When Ghost Recon Advanced Warfighter was first announced for the Xbox 360, it looked like a pretty ambitious project. Ubisoft was asking a lot out of the engine to have the game set entirely within a sprawling metropolis, complete with advanced lighting and particle effects, as well as lots of picture-in-picture video screens on the heads-up display. The early video and screenshots looked fabulous, so it was disappointing when the game didn't quite make the release of the system late last year. The wait was definitely worth it, though, as Advanced Warfighter isn't just the best-looking game on the Xbox 360, but also, arguably, the best game in the series.
Scott Mitchell, are you a bad-enough dude to rescue the president?
You take the role of Scott Mitchell, a captain in the elite Ghosts--the light-infantry unit whose members are renowned for their skill and heroism in the face of long odds. You find yourself in Mexico City as part of the security entourage tasked with guarding a summit between the leaders of Mexico, Canada, and the US. Disaster strikes when Mexican rebels attack the summit, killing the Canadian prime minister and causing both the Mexican and US presidents to go missing. Over the course of the campaign, you'll explore the massive city--fighting rebel infantry, armored vehicles, and helicopters from within the dense, high-rise areas in the center to the dilapidated shanty towns on the outskirts. You'll do this solo and with the help of three teammates--who you can issue simple commands to--and supporting vehicles. Major landmarks, such as Chapultepec and the spire at Angel Plaza, are represented fairly accurately in the game's depiction of Mexico City.
The first thing you'll notice about the game is how breathtakingly massive and believable the city looks. You take several helicopter rides throughout the campaign, and the city is literally sprawled out all the way to the horizon with buildings and streets. Fires and smoke curl up into the sky from patches of fighting or factories. As you land, you find yourself engulfed by the metropolis and plying your way through the maze of buildings, streets, and alleys. The graphic detail extends not only to the character models, which are some of the best we've seen in a modern shooter, but also to the unique lighting and shadows. The sunlight is so bright and intense that it's almost oppressive at times, with the way the glare affects your vision, particularly when you're squinting through a scope. Some people may find this annoying, as the high-contrast lighting makes certain areas very hard to see. But, presumably, this overbearing light is pretty realistic of how daylight can be in a near-equatorial area.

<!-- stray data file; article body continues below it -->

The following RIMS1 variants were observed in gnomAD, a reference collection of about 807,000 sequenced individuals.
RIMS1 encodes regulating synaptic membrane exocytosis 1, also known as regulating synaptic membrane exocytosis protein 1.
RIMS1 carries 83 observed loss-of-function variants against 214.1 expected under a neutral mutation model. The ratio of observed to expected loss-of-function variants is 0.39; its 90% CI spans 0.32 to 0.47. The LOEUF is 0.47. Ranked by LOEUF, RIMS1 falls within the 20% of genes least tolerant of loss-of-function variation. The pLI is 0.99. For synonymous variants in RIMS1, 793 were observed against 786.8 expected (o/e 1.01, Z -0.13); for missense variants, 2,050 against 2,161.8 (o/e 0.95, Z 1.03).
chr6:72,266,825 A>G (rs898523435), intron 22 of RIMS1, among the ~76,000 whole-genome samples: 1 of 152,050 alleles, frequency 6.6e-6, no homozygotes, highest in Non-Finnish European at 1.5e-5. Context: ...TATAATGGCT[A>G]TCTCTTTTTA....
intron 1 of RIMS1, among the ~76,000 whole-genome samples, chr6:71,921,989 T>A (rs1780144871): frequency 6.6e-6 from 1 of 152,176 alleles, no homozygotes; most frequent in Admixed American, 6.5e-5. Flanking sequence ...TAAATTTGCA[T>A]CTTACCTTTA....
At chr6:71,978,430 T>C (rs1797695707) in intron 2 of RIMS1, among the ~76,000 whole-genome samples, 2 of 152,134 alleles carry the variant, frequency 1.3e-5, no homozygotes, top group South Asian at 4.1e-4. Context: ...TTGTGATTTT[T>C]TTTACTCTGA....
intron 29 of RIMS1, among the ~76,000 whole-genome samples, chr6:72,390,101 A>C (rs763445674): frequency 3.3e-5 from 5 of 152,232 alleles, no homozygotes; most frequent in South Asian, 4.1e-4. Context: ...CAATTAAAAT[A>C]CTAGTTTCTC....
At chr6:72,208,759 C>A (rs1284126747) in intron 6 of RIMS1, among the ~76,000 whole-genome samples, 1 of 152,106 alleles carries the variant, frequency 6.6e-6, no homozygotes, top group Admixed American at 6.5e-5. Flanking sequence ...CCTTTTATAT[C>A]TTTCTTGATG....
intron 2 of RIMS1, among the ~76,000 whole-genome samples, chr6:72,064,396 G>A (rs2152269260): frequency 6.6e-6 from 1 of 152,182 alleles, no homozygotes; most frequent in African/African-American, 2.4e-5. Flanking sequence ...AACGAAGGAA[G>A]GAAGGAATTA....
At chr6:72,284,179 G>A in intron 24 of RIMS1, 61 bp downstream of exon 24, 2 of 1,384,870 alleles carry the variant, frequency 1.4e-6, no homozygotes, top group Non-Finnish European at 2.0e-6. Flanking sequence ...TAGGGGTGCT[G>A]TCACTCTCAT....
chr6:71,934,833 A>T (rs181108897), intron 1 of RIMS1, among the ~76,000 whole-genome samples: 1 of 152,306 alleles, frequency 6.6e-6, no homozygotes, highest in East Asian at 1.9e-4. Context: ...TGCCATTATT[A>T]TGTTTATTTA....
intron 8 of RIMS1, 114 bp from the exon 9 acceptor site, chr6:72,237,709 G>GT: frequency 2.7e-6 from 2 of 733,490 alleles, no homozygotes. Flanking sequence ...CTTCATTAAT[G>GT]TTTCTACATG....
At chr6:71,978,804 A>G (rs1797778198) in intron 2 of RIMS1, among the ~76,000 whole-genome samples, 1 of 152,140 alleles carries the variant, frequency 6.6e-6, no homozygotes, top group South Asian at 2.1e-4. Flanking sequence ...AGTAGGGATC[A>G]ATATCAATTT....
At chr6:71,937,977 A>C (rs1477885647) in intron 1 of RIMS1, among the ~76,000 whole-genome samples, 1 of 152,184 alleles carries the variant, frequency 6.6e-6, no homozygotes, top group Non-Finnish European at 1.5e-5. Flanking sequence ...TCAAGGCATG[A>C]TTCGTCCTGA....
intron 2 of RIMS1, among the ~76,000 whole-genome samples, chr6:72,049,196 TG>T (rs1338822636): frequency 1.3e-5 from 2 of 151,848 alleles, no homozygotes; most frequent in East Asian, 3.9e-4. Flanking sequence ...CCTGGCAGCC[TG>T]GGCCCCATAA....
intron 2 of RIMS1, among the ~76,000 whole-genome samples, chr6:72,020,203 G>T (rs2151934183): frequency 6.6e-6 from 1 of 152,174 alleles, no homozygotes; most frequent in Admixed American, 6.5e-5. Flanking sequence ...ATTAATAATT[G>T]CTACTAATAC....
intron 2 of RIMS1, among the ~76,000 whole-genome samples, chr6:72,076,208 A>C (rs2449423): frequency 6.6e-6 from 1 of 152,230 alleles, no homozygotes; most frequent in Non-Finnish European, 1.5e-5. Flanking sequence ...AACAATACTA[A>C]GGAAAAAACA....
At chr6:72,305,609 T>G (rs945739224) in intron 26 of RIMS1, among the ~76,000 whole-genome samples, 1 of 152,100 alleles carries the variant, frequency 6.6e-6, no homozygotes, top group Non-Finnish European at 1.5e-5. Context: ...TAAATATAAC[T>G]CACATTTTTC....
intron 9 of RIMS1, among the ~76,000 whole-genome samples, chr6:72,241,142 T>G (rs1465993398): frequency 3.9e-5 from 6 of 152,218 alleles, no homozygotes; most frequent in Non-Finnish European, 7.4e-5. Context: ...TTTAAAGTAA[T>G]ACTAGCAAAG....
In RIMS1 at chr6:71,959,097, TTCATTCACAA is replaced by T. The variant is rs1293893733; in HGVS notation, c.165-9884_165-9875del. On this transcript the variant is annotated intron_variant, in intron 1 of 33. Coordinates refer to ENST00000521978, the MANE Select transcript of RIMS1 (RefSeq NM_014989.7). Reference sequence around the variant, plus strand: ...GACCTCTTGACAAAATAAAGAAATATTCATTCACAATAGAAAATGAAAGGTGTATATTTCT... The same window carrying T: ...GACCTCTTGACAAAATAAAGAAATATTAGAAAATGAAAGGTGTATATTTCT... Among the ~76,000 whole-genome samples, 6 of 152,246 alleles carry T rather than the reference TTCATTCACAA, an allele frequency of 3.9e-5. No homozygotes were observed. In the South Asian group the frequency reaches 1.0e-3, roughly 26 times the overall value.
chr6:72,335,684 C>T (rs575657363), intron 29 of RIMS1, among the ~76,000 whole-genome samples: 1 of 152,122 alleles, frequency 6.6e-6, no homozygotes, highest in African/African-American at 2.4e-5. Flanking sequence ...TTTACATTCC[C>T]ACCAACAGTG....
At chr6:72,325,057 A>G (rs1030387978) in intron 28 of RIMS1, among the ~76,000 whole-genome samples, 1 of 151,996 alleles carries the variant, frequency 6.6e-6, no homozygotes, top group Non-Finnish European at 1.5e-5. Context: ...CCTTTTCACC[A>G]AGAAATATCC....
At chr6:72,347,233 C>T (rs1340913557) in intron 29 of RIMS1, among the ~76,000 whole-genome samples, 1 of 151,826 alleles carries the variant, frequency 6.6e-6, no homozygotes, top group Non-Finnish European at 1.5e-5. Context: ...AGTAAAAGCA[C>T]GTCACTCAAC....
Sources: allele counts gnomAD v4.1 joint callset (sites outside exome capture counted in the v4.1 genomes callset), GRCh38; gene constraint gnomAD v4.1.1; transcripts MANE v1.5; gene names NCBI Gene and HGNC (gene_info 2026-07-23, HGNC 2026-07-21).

Our only major complaint about the graphics is that for a city that looks so believable, it's as empty as a ghost town. Apparently, all 9 million residents of Mexico City either vanished or are hiding indoors with all the unrest going on. Still, it's a little eerie to see no cars moving around the streets and highways or people trying to go about their daily business. To be fair, though, it's only the stark realism of the environment that gets you to notice a flaw like this in the first place. The good news for those playing on standard-definition televisions is that the graphic quality of the game is plainly obvious no matter what type of television you use. HDTVs make it all the better of course, but even using just an S-Video connection, it's clear that a game that looks this good couldn't be done on a regular Xbox or PlayStation 2.
The game engine is incredible, what with the level of detail it uses to render an entire city.
The size of the city affects the gameplay, in that at any given moment, you operate within several city blocks. There are often different ways you can take to get from point A to point B, and you're encouraged to explore around to find the best path. If, for example, you find a road block as you make your way down a street, it's usually possible to go around and try to flank those defenses from a different angle. Other missions let you climb up on something and take advantage of elevation for an assault instead of running headlong into entrenched defenses. The maps are not always so open-ended, though, and you can and will run into arbitrary borders if you try to. But for the most part, Advanced Warfighter does a nice job at keeping you from feeling hemmed in, and there's generally a good amount of freedom to roam. The game also does a good job at keeping up the tension by throwing enemies at you from different elevations. There's nothing quite as tense as turning a corner into a street that looks clear, only to narrowly miss getting sniped by a marksman on top of a roof that you didn't notice.
To help you get through these massive battlefields, the game lets you control not only a three-man support team, but also support vehicles, as well. Robotic UAV recon units, for example, can scout ahead and detect enemies that may be lurking. The enemies, as well as your objectives and teammates, are marked digitally on your HUD, so you can track them even when they're not in your line of sight. You'll do a lot of fighting in this game from extreme distances by shooting with scoped weapons, so the plain markings on your HUD often come in handy. At various times throughout the game, you'll command tanks or armored vehicles, as well as helicopter gunships. You can only command the tanks to move forward or backward, as if they're on rails, but they make for a good source of movable cover. Gunships are great for support fire, as you can command them to take out distant targets without getting into danger yourself. These support vehicles aren't invincible, though, so if you run your tank into a rocket-propelled-grenade ambush or send your choppers into machine-gun fire, they can go down.